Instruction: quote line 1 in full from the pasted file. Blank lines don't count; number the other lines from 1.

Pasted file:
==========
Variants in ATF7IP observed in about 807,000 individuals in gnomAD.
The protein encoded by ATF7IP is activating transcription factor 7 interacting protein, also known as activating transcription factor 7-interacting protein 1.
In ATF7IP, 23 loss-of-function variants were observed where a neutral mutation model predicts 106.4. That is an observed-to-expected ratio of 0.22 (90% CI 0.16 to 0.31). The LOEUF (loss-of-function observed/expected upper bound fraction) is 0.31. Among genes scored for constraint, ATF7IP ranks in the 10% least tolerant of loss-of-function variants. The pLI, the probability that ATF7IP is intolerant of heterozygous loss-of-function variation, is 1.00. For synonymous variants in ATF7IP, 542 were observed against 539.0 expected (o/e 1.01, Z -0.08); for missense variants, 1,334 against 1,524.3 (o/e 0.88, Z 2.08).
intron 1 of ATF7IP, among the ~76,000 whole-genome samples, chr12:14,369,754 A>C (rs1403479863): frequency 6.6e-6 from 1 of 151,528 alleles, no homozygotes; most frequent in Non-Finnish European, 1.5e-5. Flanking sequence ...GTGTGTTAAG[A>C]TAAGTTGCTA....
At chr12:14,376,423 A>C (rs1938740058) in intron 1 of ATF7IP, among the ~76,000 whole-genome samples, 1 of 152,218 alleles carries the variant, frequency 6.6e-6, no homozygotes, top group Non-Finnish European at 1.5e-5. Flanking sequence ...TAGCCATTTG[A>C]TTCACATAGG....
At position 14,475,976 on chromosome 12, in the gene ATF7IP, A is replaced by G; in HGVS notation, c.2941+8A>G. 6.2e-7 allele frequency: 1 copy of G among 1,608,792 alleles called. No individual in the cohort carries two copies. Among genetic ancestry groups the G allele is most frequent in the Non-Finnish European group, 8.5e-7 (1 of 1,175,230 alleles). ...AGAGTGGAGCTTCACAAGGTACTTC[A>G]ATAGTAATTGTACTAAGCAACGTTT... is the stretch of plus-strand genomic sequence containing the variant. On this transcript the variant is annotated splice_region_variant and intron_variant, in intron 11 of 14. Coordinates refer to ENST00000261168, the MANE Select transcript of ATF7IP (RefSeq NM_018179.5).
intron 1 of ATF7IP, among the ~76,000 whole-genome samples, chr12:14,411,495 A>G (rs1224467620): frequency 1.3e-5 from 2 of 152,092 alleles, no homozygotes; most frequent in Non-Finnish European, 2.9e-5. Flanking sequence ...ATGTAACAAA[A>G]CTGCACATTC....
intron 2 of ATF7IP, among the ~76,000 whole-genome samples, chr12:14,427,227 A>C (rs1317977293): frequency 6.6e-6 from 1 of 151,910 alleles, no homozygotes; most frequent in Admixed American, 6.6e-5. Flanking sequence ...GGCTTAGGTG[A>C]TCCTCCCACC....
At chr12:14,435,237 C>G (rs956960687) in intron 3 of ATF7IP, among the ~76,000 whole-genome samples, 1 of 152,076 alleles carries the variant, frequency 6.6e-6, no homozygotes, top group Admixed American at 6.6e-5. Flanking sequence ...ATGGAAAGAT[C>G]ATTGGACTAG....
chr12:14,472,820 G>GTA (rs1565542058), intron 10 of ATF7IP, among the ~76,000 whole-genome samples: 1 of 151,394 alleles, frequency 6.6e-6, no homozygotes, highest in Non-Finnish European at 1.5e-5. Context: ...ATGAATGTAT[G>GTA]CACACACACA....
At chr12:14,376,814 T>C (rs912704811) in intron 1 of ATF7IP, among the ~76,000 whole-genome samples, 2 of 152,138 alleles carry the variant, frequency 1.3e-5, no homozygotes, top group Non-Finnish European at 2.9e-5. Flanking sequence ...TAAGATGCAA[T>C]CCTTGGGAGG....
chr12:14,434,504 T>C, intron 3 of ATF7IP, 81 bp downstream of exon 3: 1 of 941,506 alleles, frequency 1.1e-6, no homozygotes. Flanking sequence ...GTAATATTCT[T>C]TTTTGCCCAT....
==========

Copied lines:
Variants in ATF7IP observed in about 807,000 individuals in gnomAD.